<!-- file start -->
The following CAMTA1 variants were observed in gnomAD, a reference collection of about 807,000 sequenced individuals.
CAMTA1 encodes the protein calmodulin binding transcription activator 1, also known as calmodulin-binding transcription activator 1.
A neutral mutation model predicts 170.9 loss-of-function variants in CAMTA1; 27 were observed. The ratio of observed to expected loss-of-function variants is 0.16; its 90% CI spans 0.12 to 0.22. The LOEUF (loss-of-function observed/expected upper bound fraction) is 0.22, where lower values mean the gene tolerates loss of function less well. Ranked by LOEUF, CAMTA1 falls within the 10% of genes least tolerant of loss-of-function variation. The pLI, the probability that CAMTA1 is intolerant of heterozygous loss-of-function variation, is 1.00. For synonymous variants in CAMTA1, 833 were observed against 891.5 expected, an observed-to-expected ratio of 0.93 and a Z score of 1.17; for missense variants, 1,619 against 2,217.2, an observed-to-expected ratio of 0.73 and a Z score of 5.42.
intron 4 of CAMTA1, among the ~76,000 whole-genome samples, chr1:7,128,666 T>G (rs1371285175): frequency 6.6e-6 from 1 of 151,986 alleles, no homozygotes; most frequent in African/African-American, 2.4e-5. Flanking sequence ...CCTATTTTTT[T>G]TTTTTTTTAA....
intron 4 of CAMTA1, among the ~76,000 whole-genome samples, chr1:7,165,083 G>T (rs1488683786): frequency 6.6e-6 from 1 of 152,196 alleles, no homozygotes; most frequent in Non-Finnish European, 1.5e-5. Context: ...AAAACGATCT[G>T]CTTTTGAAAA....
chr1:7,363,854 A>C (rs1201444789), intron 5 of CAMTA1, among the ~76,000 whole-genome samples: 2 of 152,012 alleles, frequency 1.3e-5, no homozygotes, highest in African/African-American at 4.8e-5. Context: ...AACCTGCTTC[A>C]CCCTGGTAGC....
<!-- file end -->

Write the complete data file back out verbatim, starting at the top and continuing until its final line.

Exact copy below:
The following CAMTA1 variants were observed in gnomAD, a reference collection of about 807,000 sequenced individuals.
CAMTA1 encodes the protein calmodulin binding transcription activator 1, also known as calmodulin-binding transcription activator 1.
A neutral mutation model predicts 170.9 loss-of-function variants in CAMTA1; 27 were observed. The ratio of observed to expected loss-of-function variants is 0.16; its 90% CI spans 0.12 to 0.22. The LOEUF (loss-of-function observed/expected upper bound fraction) is 0.22, where lower values mean the gene tolerates loss of function less well. Ranked by LOEUF, CAMTA1 falls within the 10% of genes least tolerant of loss-of-function variation. The pLI, the probability that CAMTA1 is intolerant of heterozygous loss-of-function variation, is 1.00. For synonymous variants in CAMTA1, 833 were observed against 891.5 expected, an observed-to-expected ratio of 0.93 and a Z score of 1.17; for missense variants, 1,619 against 2,217.2, an observed-to-expected ratio of 0.73 and a Z score of 5.42.
intron 4 of CAMTA1, among the ~76,000 whole-genome samples, chr1:7,128,666 T>G (rs1371285175): frequency 6.6e-6 from 1 of 151,986 alleles, no homozygotes; most frequent in African/African-American, 2.4e-5. Flanking sequence ...CCTATTTTTT[T>G]TTTTTTTTAA....
intron 4 of CAMTA1, among the ~76,000 whole-genome samples, chr1:7,165,083 G>T (rs1488683786): frequency 6.6e-6 from 1 of 152,196 alleles, no homozygotes; most frequent in Non-Finnish European, 1.5e-5. Context: ...AAAACGATCT[G>T]CTTTTGAAAA....
chr1:7,363,854 A>C (rs1201444789), intron 5 of CAMTA1, among the ~76,000 whole-genome samples: 2 of 152,012 alleles, frequency 1.3e-5, no homozygotes, highest in African/African-American at 4.8e-5. Context: ...AACCTGCTTC[A>C]CCCTGGTAGC....